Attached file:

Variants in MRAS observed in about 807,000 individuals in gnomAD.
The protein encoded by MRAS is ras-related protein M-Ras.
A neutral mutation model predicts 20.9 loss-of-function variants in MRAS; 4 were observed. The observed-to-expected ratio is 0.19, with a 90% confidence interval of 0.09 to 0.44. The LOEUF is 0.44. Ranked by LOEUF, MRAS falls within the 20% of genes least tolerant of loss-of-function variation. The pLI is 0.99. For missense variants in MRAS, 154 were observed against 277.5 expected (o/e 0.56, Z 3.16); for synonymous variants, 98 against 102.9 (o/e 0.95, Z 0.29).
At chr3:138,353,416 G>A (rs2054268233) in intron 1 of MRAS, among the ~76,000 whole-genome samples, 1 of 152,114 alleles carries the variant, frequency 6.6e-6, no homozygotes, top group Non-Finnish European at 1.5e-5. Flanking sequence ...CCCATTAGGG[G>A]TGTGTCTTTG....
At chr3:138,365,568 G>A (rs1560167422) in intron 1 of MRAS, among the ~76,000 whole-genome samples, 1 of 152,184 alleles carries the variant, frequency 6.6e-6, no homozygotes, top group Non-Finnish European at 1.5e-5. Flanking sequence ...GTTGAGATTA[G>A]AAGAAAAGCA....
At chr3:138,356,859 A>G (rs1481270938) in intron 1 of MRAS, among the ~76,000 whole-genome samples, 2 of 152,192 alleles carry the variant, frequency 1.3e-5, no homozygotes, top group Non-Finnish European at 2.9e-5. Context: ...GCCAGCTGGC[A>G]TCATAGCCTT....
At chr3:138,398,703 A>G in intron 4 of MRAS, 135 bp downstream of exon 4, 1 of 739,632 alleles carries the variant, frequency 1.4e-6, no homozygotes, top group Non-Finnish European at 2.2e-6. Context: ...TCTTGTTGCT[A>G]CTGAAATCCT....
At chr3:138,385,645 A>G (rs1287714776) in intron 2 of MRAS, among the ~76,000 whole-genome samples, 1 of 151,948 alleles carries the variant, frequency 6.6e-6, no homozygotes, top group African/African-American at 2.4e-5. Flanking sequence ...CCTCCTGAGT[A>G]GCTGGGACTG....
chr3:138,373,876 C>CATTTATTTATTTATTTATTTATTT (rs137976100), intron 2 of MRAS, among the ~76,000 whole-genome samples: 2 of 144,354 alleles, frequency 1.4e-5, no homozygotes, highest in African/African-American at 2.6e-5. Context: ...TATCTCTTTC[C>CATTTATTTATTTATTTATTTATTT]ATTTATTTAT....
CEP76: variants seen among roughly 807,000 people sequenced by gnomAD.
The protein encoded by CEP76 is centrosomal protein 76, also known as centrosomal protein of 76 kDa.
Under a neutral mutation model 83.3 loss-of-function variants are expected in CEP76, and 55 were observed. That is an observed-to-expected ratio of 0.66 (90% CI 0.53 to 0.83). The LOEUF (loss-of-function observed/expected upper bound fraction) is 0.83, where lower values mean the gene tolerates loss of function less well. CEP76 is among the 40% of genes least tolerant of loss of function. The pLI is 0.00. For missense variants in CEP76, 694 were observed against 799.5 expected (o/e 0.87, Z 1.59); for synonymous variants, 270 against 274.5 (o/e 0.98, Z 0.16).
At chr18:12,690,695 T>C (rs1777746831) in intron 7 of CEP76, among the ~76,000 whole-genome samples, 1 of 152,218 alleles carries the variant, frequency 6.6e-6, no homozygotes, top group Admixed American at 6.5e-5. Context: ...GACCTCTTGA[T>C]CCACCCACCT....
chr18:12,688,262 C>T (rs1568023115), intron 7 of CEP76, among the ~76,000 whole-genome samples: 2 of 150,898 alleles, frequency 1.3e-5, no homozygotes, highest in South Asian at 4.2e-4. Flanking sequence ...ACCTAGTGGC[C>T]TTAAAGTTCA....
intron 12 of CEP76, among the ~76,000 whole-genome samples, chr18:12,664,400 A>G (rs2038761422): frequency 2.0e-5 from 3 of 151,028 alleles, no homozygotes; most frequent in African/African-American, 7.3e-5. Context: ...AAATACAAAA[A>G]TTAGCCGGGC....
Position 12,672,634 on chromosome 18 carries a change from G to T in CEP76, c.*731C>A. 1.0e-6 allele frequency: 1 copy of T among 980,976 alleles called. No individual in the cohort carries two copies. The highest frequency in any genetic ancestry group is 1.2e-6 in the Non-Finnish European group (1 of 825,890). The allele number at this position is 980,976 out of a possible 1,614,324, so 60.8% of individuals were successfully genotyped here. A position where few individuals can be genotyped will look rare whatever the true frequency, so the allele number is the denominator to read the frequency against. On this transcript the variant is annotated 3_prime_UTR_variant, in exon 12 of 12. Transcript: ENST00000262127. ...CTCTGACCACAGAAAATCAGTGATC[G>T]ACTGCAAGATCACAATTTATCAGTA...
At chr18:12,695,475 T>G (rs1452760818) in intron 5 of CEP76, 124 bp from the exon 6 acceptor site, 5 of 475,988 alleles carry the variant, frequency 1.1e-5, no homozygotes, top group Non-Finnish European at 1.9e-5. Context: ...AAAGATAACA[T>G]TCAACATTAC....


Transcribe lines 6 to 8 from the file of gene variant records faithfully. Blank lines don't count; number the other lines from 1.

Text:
At chr3:138,356,859 A>G (rs1481270938) in intron 1 of MRAS, among the ~76,000 whole-genome samples, 2 of 152,192 alleles carry the variant, frequency 1.3e-5, no homozygotes, top group Non-Finnish European at 2.9e-5. Context: ...GCCAGCTGGC[A>G]TCATAGCCTT....
At chr3:138,398,703 A>G in intron 4 of MRAS, 135 bp downstream of exon 4, 1 of 739,632 alleles carries the variant, frequency 1.4e-6, no homozygotes, top group Non-Finnish European at 2.2e-6. Context: ...TCTTGTTGCT[A>G]CTGAAATCCT....
At chr3:138,385,645 A>G (rs1287714776) in intron 2 of MRAS, among the ~76,000 whole-genome samples, 1 of 151,948 alleles carries the variant, frequency 6.6e-6, no homozygotes, top group African/African-American at 2.4e-5. Flanking sequence ...CCTCCTGAGT[A>G]GCTGGGACTG....